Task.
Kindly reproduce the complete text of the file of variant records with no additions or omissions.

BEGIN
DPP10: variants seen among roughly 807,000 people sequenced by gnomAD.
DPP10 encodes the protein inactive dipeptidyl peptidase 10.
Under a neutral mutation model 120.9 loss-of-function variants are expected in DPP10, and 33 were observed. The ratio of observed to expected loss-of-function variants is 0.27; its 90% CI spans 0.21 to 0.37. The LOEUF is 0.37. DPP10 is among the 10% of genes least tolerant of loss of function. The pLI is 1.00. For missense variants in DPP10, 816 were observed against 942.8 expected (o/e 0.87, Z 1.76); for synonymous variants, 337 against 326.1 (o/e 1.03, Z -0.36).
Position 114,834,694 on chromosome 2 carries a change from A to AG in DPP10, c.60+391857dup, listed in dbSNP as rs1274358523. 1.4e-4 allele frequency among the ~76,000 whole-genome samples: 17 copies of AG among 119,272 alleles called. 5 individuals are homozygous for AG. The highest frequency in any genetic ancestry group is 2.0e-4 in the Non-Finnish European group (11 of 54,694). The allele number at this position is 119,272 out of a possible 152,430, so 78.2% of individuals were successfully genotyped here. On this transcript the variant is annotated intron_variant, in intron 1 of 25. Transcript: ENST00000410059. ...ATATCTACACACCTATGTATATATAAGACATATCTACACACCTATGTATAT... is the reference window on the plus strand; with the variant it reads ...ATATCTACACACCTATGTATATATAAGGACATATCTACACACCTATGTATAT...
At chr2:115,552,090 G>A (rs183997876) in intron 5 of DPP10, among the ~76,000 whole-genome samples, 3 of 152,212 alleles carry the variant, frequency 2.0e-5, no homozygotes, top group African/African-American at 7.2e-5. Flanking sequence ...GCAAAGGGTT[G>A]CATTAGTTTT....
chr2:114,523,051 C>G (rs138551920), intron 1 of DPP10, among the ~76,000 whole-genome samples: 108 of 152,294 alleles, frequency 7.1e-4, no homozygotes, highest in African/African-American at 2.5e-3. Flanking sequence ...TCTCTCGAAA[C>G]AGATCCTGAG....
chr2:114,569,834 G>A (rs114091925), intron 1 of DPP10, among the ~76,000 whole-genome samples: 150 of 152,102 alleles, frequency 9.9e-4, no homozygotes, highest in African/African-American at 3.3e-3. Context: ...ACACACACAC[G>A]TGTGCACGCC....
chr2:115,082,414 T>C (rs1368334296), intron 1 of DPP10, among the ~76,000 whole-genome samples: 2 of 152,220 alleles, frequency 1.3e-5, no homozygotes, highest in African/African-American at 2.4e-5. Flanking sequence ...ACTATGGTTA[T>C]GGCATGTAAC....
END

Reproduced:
DPP10: variants seen among roughly 807,000 people sequenced by gnomAD.
DPP10 encodes the protein inactive dipeptidyl peptidase 10.
Under a neutral mutation model 120.9 loss-of-function variants are expected in DPP10, and 33 were observed. The ratio of observed to expected loss-of-function variants is 0.27; its 90% CI spans 0.21 to 0.37. The LOEUF is 0.37. DPP10 is among the 10% of genes least tolerant of loss of function. The pLI is 1.00. For missense variants in DPP10, 816 were observed against 942.8 expected (o/e 0.87, Z 1.76); for synonymous variants, 337 against 326.1 (o/e 1.03, Z -0.36).
Position 114,834,694 on chromosome 2 carries a change from A to AG in DPP10, c.60+391857dup, listed in dbSNP as rs1274358523. 1.4e-4 allele frequency among the ~76,000 whole-genome samples: 17 copies of AG among 119,272 alleles called. 5 individuals are homozygous for AG. The highest frequency in any genetic ancestry group is 2.0e-4 in the Non-Finnish European group (11 of 54,694). The allele number at this position is 119,272 out of a possible 152,430, so 78.2% of individuals were successfully genotyped here. On this transcript the variant is annotated intron_variant, in intron 1 of 25. Transcript: ENST00000410059. ...ATATCTACACACCTATGTATATATAAGACATATCTACACACCTATGTATAT... is the reference window on the plus strand; with the variant it reads ...ATATCTACACACCTATGTATATATAAGGACATATCTACACACCTATGTATAT...
At chr2:115,552,090 G>A (rs183997876) in intron 5 of DPP10, among the ~76,000 whole-genome samples, 3 of 152,212 alleles carry the variant, frequency 2.0e-5, no homozygotes, top group African/African-American at 7.2e-5. Flanking sequence ...GCAAAGGGTT[G>A]CATTAGTTTT....
chr2:114,523,051 C>G (rs138551920), intron 1 of DPP10, among the ~76,000 whole-genome samples: 108 of 152,294 alleles, frequency 7.1e-4, no homozygotes, highest in African/African-American at 2.5e-3. Flanking sequence ...TCTCTCGAAA[C>G]AGATCCTGAG....
chr2:114,569,834 G>A (rs114091925), intron 1 of DPP10, among the ~76,000 whole-genome samples: 150 of 152,102 alleles, frequency 9.9e-4, no homozygotes, highest in African/African-American at 3.3e-3. Context: ...ACACACACAC[G>A]TGTGCACGCC....
chr2:115,082,414 T>C (rs1368334296), intron 1 of DPP10, among the ~76,000 whole-genome samples: 2 of 152,220 alleles, frequency 1.3e-5, no homozygotes, highest in African/African-American at 2.4e-5. Flanking sequence ...ACTATGGTTA[T>C]GGCATGTAAC....